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The downturn continues to claim jobs, even at dominant behemoths like Google and IBM. This week Google announced it would layoff of around 200 sales and marketing employees, while IBM announced plans to axe 5,000 US workers. Businesses of all sizes are experiencing the unenviable task of letting employees go. When doing so, they often face common questions about last paychecks, severance packages and references for ex-employees.
This is Google's third and largest round of job cuts in 2009. However, according to Business Week, the total (around 340) is incredibly small for a company of Google's size, and much smaller than the 10%-20% reduction many companies have found necessary.
As reported by the Washington Post, IBM will let 5,000 American employees go as it continues to move US jobs overseas. It will reportedly help laid off workers find jobs with IBM abroad. These jobs would pay local rather than American salaries. Two month ago, IBM laid off 4,000 sales employees.
While most small businesses won't have to lay off thousands, and may not be able to offer ex-employees the severance benefits coming to ex-Googlers, employers of all shapes and sizes face similar questions when letting employees go. Here are a few.
A: This depends on the state, but most states require that the employee receive their last paycheck quickly -- often on their last day of employment, depending on whether the worker was fired or quit. Here is a chart of final paycheck rules by state.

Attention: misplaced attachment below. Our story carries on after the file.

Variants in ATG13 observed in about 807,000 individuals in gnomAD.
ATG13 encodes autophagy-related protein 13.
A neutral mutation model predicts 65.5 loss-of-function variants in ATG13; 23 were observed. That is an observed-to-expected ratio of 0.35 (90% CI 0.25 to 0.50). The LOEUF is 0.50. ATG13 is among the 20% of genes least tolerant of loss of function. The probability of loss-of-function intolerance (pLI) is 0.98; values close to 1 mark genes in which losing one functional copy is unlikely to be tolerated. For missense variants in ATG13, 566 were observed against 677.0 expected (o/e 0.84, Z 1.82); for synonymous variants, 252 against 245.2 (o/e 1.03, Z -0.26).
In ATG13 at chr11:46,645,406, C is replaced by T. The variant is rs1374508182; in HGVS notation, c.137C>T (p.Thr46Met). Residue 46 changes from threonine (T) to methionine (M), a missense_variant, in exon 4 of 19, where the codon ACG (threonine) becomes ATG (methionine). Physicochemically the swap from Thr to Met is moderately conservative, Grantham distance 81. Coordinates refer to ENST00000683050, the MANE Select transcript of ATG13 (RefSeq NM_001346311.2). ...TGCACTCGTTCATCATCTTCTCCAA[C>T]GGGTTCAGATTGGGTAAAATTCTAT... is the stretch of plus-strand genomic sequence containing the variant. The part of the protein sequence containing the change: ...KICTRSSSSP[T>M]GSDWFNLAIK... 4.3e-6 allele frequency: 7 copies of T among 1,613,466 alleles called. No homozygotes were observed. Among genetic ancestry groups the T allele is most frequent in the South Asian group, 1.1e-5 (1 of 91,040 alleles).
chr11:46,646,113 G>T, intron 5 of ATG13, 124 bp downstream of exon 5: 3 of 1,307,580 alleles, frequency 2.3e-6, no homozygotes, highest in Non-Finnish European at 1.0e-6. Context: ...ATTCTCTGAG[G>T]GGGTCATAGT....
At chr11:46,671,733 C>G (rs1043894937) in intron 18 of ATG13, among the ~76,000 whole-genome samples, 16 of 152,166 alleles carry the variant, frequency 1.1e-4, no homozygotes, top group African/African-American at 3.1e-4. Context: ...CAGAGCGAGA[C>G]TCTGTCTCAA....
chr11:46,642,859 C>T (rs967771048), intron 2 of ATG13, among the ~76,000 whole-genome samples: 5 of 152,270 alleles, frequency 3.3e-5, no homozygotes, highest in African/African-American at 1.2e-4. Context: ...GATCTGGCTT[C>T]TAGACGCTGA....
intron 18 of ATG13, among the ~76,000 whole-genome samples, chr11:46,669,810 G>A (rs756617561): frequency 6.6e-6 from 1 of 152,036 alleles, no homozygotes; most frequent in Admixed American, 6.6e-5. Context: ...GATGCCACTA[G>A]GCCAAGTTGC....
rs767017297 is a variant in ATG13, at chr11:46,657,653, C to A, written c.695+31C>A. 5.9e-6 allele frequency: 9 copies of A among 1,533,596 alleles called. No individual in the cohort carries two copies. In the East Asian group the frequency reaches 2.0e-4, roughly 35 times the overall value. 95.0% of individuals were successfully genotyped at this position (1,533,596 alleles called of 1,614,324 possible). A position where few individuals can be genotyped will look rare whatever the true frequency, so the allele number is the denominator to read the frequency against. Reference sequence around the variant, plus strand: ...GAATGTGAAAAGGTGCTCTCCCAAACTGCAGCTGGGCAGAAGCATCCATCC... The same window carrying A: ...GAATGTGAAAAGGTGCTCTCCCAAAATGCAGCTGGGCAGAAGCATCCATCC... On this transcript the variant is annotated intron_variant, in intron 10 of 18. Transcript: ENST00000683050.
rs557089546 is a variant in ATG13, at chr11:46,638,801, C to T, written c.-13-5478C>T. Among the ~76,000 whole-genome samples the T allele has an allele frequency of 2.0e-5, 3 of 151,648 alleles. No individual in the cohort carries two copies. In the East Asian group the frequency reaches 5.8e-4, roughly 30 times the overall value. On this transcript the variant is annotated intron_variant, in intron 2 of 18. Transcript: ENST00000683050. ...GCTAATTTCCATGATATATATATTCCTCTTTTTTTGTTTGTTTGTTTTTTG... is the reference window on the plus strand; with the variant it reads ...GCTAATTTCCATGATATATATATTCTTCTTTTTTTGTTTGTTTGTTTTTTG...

A: Most often, employers are not obligated to give severance benefits. If an employment contract or employee handbook promises a severance package, or if the employer promises severance benefits or has a history of giving them, a severance package might be required.
However, some sort of severance benefits can maintain goodwill with departing employees. Additionally, severance packages can be given to fired employees in exchange for signing a release of claims agreement. Even if you foresee no lawsuits regarding the firing, a release agreement, properly crafted in accordance with your state's laws, can protect the business down the line.
A: If what you would have to say about the employee is negative, say as little as possible. Many people advise stating only the employee's dates of employment, starting and ending salaries. Saying anything untrue which harms the person's reputation can constitute defamation.
Meeting with a lawyer can help you understand your options and how to best protect your rights. Visit our attorney directory to find a lawyer near you who can help.
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